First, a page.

Issue 3 

Overview | Introduction  | Arab Women and Social Media  |  Mapping Facebook  | Youth, Gender & Language | Mapping Twitter | Conclusions | Annexes | Acknowledgment  | Media Coverage

Overview

Overview

The societal and political transformations sweeping the Arab region have empowered large segments of the region’s population. Many stereotypes have been shattered, with Arab youth, “netizens” and women becoming the main drivers for regional change. Arab women in particular have become more engaged in political and civic actions, playing a critical leading role in the rapid and historic changes that have swept the region. Meanwhile, the debate about the role of social media in these transformations has reached policy making circles at the regional and global levels.

Throughout 2011, social media usage continued to grow significantly across the Arab world, coupled with major shifts in usage trends. From merely being used as a tool for social networking and entertainment, social media now infiltrates almost every aspect of the daily lives of millions of Arabs, affecting the way they interact socially, do business, interact with government, or engage in civil society movements. By the end of 2011, Arab users’ utilization of social media had evolved to encompass civic engagement, political participation, entrepreneurial efforts, and social change. With a critical mass of Arab users in many countries, governments have also begun to recognize social media’s potential to develop more transparent, participatory and inclusive governance models. But while creative and socially-beneficial uses of social media abound, they are accompanied by new-found concerns surrounding issues of security, privacy, freedom of expression, and the disruptive uses of social media on foreign policy making and diplomacy.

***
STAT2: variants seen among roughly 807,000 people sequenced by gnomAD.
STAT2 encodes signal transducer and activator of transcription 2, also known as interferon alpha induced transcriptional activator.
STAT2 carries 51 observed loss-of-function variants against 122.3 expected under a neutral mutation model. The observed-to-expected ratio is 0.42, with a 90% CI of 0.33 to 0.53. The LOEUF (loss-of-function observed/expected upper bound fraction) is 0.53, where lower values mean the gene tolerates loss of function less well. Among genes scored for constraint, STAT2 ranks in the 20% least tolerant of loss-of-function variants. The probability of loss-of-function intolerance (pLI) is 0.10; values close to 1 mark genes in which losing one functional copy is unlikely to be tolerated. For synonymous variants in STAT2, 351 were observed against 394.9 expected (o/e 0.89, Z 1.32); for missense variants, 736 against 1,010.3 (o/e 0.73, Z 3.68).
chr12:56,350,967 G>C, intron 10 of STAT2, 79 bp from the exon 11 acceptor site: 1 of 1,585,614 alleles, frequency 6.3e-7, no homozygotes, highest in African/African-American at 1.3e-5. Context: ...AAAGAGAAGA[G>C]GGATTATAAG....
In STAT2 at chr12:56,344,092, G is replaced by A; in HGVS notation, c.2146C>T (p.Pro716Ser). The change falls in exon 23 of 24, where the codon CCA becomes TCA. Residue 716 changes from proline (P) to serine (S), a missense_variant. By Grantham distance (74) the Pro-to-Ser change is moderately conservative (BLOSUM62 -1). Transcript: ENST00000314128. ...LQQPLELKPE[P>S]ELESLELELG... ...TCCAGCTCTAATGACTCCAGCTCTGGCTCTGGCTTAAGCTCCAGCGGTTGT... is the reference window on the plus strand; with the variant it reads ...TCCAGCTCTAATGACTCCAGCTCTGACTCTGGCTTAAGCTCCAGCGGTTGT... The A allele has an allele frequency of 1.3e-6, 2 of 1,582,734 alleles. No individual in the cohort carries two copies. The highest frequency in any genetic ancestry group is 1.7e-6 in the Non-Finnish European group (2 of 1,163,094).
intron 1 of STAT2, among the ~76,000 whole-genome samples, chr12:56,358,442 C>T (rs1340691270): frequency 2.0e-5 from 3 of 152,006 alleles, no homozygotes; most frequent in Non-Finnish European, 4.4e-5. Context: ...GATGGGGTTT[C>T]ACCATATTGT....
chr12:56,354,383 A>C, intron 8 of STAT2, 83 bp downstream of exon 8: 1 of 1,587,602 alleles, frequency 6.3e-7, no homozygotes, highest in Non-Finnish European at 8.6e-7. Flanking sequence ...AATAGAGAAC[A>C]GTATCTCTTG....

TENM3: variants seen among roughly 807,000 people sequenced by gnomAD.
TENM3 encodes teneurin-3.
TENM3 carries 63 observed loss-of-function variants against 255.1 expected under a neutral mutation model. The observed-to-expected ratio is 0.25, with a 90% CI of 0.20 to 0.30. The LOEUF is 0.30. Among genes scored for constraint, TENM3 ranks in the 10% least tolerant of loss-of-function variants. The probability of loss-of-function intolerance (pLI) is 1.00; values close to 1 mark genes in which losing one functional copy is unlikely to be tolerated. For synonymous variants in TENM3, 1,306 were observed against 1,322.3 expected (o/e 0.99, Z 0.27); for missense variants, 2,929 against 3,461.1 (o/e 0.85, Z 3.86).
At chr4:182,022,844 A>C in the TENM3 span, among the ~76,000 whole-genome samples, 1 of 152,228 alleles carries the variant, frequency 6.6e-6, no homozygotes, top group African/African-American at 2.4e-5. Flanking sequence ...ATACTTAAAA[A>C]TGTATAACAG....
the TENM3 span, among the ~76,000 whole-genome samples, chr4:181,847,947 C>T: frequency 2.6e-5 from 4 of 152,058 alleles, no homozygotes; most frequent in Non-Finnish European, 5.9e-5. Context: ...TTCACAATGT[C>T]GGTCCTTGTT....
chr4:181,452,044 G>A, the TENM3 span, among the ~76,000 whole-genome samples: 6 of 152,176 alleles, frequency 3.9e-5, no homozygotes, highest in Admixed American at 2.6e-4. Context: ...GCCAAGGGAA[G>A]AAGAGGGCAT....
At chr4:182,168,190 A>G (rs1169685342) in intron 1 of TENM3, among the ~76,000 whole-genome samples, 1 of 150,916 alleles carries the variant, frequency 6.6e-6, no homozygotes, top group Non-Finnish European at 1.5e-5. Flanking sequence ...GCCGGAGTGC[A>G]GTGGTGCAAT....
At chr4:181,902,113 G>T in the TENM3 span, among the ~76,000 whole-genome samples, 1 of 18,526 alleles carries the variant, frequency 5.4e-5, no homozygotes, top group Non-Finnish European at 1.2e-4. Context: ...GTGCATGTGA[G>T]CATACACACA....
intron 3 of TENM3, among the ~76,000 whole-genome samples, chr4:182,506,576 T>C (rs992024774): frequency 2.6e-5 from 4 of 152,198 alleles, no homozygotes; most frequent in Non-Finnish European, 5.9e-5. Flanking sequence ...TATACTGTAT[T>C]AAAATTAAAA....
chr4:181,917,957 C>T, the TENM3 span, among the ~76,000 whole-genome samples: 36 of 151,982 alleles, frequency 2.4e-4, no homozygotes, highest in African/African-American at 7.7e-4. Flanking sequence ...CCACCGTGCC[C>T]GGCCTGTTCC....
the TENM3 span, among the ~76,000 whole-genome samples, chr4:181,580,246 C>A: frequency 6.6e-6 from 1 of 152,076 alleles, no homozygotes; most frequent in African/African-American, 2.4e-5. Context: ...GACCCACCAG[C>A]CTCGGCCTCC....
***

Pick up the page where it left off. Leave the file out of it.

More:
The Arab region has recently experienced exponential growth in the use of social media.  Previous issues of the Arab Social Media Report have explored this growth, which has been fueled in part by the use of networks such as Facebook, YouTube and Twitter in the movements of the so-called “Arab spring.” The third edition of the report builds on these timely themes, which specifically explored the exponential growth of social media use in the Arab world, and the role of social networking tools in the civil movements in the Arab region. Given the heightened participation of Arab women in these movements over the past months, despite their diminished use of social media as compared to the world average, this issue of the report will address three main questions:
  1. Explaining the “Virtual” Gender Gap: What are the factors contributing to the low level of social media use among Arab women, as compared to men’s usage and to the global female average? 
  2. Trends in Social Media Usage: Do Arab women perceive social media as useful to their needs? What are the usage trends?
  3. Social Media as a Tool for Women’s Empowerment: Can social media potentially increase women’s civic participation in the Arab world and contribute to their political and economic empowerment?
Produced by the Dubai School of Government’s Governance and Innovation Program, the Arab Social Media Report series continues to analyze usage trends of online social networking tools across the Arab region. Based on data collected in the second and third quarters of 2011, this edition of the report analyzes data on Twitter and Facebook users in all 22 Arab countries, in addition to Iran, Israel and Turkey. In another first-of-its-kind regional survey, this special edition of the report explores the role of social media in Arab women’s empowerment. The survey was conducted as a collaborative effort between the Governance and Innovation Program and the Gender and Public Policy Program at the Dubai School of Government.
 
The Arab Social Media Report series is part of a larger research initiative focusing on social engagement through ICT for better policy in Arab states, which explores the use of social networking services in governance, social inclusion and economic development. The initiative also studies the potential of social networking applications for increasing collaboration, knowledge sharing and innovation, both between and among government entities, citizens and the private sector.
 

For questions or media enquiries please email the authors at: socialmedia@dsg.ac.ae

For Issue 1 of the ASMR, please click here

For Issue 2 of the ASMR, please click here